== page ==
Misbehavior & The Brain Behavior ConnectionJan 08, 2024
Do you get triggered when your child misbehaves? I know that I often did when my children were little. In my mind, they always seemed to pick the worst times to not listen and not do what they were “supposed” to. That’s when I would go into command and demand mode.
Unfortunately, at the time I didn’t know how my children’s brains were developing and what their misbehavior was actually telling me. I didn’t understand that their “thinking” brain was still under construction and that their reactions were driven by their primal brain which is fully developed by age one.
The best way I’ve heard it described is in The Whole Brain Child by Dr. Daniel Siegel and Dr. Tina Payne Bryson. (https://drdansiegel.com/book/the-whole-brain-child) Imagine your child’s brain as a house — Their downstairs primal brain is all finished and furnished, but through their childhood years their upstairs “thinking” brain is unfinished. The stairs go up but there are just plywood floors and open rafters. You can see the studs but there are no walls or ceilings yet. Their brains are under massive construction when they are young and then go through another massive remodeling process during their teenage years which lasts into adulthood.
Just knowing that your child’s thinking brain isn’t fully developed can help explain some of their behavior — because it means that they haven’t developed impulse control or frustration tolerance skills, they don’t yet have solid decision-making and planning skills, they don’t always have control over their emotions and body, and their self-understanding and empathy skills aren’t fully developed yet either.
When your child is “misbehaving”, consider that it’s NOT that they won’t behave, but that it’s more likely that they can’t behave because they haven’t developed those skills yet.
Here are some examples of where you may think your child is misbehaving when actually, their brain is not fully developed yet:
- Grabbing a toy away from another sibling, or creating chaos when an older sibling has a playdate may mean they need help building skills when it comes to sharing as well as how to communicate their disappointment appropriately when they don’t get their way.
- If your child has a big reaction whenever you say “no” or things don’t go their way, they likely need help building frustration tolerance and impulse control skills.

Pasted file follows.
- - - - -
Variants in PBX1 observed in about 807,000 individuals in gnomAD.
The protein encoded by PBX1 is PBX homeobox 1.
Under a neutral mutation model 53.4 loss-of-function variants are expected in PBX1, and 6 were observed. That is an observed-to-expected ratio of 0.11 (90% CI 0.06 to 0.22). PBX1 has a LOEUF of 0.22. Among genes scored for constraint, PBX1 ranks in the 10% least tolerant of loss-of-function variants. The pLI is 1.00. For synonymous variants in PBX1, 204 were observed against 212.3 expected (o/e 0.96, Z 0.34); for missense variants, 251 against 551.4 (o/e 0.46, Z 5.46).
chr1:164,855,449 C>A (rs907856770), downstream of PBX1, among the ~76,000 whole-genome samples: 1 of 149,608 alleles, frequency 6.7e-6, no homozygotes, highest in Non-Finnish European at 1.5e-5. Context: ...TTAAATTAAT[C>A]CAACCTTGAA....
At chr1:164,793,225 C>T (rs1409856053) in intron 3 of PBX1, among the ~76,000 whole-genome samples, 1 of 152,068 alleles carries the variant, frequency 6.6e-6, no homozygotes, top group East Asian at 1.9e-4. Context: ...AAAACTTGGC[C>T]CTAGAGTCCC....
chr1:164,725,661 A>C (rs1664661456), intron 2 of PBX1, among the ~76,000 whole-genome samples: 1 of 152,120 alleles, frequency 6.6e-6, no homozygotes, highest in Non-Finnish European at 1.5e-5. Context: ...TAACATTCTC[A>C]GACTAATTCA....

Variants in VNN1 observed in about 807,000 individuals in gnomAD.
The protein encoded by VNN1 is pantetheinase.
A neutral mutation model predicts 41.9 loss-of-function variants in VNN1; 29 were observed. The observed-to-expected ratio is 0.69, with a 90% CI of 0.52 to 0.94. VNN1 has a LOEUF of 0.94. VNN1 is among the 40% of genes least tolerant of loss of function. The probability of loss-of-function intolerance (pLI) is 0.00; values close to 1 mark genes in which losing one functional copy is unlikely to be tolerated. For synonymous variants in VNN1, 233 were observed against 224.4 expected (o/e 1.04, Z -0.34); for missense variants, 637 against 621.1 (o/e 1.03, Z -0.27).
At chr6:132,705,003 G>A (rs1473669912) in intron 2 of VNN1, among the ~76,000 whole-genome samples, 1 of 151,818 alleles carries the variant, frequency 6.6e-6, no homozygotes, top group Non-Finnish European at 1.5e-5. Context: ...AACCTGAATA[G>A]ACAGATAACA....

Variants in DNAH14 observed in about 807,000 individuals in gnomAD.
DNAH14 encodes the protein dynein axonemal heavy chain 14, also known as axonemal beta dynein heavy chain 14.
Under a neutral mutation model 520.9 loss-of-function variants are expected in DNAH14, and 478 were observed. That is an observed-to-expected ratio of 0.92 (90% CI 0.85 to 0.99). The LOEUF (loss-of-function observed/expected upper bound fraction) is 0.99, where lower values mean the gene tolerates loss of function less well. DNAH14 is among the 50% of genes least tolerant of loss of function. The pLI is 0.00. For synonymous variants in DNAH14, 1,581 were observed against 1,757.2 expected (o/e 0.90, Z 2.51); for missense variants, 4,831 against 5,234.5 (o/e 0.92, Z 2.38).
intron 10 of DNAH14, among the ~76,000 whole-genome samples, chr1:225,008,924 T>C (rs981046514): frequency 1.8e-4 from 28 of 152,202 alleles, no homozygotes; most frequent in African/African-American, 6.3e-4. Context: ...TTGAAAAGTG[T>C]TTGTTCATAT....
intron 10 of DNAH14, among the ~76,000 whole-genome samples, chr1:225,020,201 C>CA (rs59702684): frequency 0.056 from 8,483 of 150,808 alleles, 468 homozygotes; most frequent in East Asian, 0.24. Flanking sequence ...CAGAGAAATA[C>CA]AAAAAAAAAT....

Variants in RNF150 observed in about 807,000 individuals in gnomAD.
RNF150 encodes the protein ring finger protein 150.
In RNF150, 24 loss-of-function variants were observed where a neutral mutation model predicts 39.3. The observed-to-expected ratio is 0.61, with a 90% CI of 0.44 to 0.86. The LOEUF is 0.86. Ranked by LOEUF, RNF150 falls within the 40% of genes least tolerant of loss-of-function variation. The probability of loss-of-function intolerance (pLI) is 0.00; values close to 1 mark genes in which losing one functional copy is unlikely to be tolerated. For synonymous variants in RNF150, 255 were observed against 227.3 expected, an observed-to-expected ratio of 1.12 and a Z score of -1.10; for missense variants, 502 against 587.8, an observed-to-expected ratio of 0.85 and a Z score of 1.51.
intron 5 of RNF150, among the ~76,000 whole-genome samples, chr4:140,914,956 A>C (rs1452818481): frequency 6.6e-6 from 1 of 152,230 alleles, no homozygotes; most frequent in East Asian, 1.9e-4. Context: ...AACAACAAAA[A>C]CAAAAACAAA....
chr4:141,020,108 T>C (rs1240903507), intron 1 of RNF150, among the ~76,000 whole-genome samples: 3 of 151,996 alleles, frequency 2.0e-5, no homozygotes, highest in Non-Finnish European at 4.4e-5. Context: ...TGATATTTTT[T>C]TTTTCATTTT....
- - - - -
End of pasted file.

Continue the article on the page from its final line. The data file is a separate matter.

- If your child consistently acts without thinking in a way that negatively affects others, they may need help developing their impulse control and empathy skills.
- If they are difficult at bedtime and keep coming up with excuses to see you, they may be feeling disconnected from you and need help understanding and communicating their feelings.
Can you think of some of your child’s behaviors that might be an area where they just need help developing skills? If so, how are you currently responding in these situations?
If you believe that your child is choosing to misbehave, recognize that your thought or belief will likely be a trigger for you, which causes frustration or anger. And when you are frustrated or angry, you are not your most effective as a parent.
However, if you look at your child’s behavior as an indicator of a skill that they have not learned and get curious about how best to handle the situation, you can show up so much more effectively as a parent.
Research has shown that the way we interact with our children when they’re upset significantly affects how their brain develops. As parents, we have the opportunity to help shape the adult that our child will grow into.
If you struggle to handle behavior challenges with your child, join us on January 25th for my newest live workshop - How To Parent Through Behavior Challenges. We will discuss the brain/behavior connection, common mistakes many parents make, and how to avoid them, and I’ll be sharing research backed proven tools so you know exactly what to do next time your child misbehaves. Click here for more information and register to update your parenting toolbox for 2024.
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